People without ID, like Steven Kemp, are sometimes turned away from the country’s already threadbare system of drug treatment centers.
Matt Rourke/AP Photo
On August 10, President Trump declared the opioid epidemic a national emergency. But we need to do a lot more to prevent this crisis from escalating even further.
Paul Wright, in treatment for opioid addiction in June 2017 at the Neil Kennedy Recovery Clinic in Youngstown Ohio, shows a photo of himself from 2015, when he almost died from an overdose.
AP Photo/David Dermer
The number of people dying from opioid overdose continues to rise, in part because of cheap street drugs. Yet the price of a drug used to treat addiction is out of reach for many.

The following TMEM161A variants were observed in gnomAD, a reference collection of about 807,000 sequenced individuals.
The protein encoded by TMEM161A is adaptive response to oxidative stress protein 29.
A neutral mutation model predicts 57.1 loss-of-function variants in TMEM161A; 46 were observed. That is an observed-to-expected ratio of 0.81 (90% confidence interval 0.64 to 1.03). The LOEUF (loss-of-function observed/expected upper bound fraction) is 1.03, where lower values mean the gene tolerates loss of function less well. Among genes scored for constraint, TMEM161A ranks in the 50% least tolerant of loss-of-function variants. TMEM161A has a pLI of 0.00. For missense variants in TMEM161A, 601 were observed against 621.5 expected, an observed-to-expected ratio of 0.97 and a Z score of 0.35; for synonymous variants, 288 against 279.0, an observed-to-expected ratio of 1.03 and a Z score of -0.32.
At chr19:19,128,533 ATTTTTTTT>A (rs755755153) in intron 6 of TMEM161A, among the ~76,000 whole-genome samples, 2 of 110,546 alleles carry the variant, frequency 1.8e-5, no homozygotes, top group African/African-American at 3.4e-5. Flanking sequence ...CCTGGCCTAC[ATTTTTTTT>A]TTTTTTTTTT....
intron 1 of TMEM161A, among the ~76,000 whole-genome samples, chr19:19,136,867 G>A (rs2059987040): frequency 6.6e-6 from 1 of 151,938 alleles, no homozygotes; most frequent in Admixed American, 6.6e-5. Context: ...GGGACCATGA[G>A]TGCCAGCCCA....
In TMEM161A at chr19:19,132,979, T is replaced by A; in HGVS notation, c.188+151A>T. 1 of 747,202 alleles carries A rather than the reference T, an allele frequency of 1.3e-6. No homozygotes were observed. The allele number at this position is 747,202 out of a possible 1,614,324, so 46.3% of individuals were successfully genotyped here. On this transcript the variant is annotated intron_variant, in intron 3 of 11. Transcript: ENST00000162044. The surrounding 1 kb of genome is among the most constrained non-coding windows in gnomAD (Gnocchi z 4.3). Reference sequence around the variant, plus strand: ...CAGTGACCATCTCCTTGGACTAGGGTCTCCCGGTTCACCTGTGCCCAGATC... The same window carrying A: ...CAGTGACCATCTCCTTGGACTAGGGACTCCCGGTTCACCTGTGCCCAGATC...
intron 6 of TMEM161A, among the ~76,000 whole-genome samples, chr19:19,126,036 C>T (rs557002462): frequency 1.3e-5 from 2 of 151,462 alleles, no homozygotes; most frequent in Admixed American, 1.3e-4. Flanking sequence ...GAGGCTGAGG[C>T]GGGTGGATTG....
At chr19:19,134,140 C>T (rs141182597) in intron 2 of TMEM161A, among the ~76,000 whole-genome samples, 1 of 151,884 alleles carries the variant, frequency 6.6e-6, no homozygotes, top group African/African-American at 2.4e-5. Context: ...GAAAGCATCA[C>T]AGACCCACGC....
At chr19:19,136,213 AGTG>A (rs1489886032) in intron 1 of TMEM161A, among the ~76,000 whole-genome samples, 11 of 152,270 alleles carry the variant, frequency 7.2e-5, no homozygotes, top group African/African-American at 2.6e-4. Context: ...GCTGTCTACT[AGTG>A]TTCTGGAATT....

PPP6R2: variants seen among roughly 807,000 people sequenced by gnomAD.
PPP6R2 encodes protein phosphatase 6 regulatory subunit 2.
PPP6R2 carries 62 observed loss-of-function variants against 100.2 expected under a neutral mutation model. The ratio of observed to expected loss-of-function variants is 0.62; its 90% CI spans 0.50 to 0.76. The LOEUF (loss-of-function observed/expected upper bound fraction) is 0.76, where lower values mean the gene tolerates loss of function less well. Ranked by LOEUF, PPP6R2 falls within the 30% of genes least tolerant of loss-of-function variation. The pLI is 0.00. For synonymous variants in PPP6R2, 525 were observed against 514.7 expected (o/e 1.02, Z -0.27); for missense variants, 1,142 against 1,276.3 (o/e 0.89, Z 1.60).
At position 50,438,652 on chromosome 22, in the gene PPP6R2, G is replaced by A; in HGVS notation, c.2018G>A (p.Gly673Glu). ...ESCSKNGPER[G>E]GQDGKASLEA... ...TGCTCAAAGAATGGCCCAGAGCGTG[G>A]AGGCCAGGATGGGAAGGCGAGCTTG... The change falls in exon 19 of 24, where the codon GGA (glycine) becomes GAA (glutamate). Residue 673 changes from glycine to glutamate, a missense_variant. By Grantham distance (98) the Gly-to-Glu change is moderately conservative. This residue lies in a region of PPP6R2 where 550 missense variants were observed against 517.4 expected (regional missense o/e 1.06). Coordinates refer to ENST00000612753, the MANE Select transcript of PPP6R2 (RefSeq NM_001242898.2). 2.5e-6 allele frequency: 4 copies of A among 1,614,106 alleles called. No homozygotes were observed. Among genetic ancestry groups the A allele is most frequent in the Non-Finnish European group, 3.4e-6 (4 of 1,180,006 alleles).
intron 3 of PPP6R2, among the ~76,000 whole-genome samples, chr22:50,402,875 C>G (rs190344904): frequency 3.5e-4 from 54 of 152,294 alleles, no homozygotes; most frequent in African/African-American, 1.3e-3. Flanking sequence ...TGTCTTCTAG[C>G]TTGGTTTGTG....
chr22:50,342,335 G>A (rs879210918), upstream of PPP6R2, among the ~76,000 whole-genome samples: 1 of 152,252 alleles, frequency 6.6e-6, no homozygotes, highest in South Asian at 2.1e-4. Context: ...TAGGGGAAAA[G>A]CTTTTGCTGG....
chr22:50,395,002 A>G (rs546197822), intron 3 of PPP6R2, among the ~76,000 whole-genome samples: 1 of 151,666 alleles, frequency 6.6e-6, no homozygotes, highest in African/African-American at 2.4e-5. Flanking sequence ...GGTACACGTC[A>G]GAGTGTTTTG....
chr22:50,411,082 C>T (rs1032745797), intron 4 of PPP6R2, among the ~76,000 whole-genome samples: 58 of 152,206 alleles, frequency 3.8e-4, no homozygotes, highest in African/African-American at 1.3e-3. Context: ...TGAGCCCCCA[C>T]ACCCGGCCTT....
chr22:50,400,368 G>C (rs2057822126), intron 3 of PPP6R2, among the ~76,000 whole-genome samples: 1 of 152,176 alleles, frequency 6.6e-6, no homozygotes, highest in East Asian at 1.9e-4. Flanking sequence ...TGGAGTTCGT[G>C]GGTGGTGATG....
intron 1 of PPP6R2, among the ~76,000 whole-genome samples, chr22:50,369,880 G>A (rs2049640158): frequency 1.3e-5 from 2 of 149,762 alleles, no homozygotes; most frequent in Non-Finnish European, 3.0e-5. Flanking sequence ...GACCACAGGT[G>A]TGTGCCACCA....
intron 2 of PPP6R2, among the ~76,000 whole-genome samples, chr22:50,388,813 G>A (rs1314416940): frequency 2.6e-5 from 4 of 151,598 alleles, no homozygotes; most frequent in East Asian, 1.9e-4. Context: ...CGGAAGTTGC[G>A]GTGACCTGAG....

Most opioid overdoses occur among experienced users.
Naloxone, commonly known as Narcan, is a medicine that temporarily reverses the effects of opioid drugs such as heroin, morphine and oxycodone.
Opioid addicts now being armed with overdose antidote.
Many first responders’ – even some university police officers – are carrying a new tool in their first-aid kits. It’s naloxone, the opioid overdose antidote drug, and today it’s more widely available than…